How far should IT managers go to protect corporate data?

The privacy/freedom debate brewing in the UK is providing IT departments with new and tough challenges. How far can they go to protect data?

The privacy/freedom debate brewing in the UK is providing IT departments with new and tough challenges. How far can they go to protect data? Can companies play Big Brother, violate employee privacy and monitor employees in order to protect data? What if the act of violating employee privacy actually protects the privacy of many more? For example, what if monitoring nurses protects the privacy of patients' healthcare records? writes Dominique Levin, vice-president for marketing and strategy at LogLogic.

Some may argue that ethics are absolute and you cannot violate the privacy of employees, even if monitoring of staff would result in "greater good". But others may have chosen the "greater good" and sacrificed the privacy of few, consenting, employees (you can always go work somewhere else) to protect the privacy of many.

There has to be a balance. I wouldn't want to encourage snooping on personal details, but companies must safeguard and protect intellectual property, customer service lists and other sensitive data. Gartner analyst John Pescatore agrees and says the key word to think about is how "closely" to monitor employees. In other words, it's not about watching every employee's every move, but it is fair to protect an organisation's crown jewels, and it is perhaps even mandatory to protect the personally identifiable information entrusted to an organisation by its customers.

There are no specific standards or frameworks telling you how to create reports which analyse which employees have access to high-risk data or what other information to include. Regulatory frameworks indicate only that this type of review in general should be defined by each organisation and put into place. Whether it is daily, weekly, or monthly reports, and what exactly it includes, will be up to each organisation, compliance officer and CISO, depending on its businesses and risks.

To help, here are some of my considerations for specifying these reports:

  • Define "high risk" information for your organisation.
  • Identify the "data owner" for each category of "high risk" information - the executive who will review the lists of privileged users and their actions.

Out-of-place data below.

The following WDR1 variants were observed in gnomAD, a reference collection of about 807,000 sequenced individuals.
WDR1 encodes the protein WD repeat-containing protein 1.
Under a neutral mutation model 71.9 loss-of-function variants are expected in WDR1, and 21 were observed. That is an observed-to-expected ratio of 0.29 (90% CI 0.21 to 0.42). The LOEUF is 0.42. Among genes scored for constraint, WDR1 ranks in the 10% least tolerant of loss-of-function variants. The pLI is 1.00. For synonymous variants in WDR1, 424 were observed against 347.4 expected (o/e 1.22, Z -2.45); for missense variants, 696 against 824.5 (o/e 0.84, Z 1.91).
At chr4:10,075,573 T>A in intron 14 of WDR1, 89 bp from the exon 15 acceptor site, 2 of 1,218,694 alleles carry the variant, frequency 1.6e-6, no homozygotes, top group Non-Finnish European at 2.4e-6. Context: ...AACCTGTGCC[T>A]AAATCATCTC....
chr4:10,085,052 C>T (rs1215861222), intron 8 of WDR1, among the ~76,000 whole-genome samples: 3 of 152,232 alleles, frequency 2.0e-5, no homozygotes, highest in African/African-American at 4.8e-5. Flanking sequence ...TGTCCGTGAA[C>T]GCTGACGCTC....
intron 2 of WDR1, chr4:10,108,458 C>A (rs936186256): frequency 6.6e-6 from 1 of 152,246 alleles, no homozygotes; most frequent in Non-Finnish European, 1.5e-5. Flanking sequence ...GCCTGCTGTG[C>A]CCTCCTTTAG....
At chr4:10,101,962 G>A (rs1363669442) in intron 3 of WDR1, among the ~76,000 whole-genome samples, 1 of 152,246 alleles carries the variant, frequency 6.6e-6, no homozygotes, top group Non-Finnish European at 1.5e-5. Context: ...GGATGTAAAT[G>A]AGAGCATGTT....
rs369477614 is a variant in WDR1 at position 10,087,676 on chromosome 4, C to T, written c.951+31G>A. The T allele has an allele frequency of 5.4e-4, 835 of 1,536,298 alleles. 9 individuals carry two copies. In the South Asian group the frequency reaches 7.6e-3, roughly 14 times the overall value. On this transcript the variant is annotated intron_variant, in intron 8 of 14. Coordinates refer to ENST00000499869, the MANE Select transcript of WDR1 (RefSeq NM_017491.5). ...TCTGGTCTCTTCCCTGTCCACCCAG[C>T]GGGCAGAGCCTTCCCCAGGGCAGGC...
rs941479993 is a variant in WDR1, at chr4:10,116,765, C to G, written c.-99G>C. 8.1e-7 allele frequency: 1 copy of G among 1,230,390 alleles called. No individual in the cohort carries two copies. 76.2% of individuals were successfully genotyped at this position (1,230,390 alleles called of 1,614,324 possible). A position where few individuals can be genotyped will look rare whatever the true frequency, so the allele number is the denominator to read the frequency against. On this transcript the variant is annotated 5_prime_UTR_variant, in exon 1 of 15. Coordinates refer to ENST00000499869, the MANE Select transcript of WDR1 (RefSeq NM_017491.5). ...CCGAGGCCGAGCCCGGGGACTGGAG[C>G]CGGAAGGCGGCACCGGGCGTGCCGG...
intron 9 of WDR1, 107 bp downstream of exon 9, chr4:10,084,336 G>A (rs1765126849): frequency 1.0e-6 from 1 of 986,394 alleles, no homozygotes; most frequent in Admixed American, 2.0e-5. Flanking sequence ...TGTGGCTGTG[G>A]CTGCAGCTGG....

• Locate database tables and directories with "high risk" data.
  • Audit user accounts with access rights to this data. Who should have access to "high risk" data? You may want to reduce the list to a manageable number. Also, you probably want to generate a report specifically showing any new privileged account creations and privilege modifications to ensure these are authorised.
  • Audit access to database tables and directories with "high risk" data. Create automated daily reports to be sent to the data owner. Individuals accessing the system should be aware that access is monitored and reports are reviewed. Ideally, individuals who access controlled systems should not have access to update or modify the scripts and/or software the produces the security reports.
  • Include all changes to "audit" status. Don't forget to also generate a report that will tell you whether in the prior 24 hours audit logging was turned on or off.

The need to monitor the digital footprint of employees in order to preserve the confidentiality and integrity of data and monitor privileged user activity is becoming increasingly important. It is critical organisations implement a workable, secure solution and that they not only act upon it, but that they maintain processes and stay up-to-date with access controls. Protect your assets and you're your bottom line.

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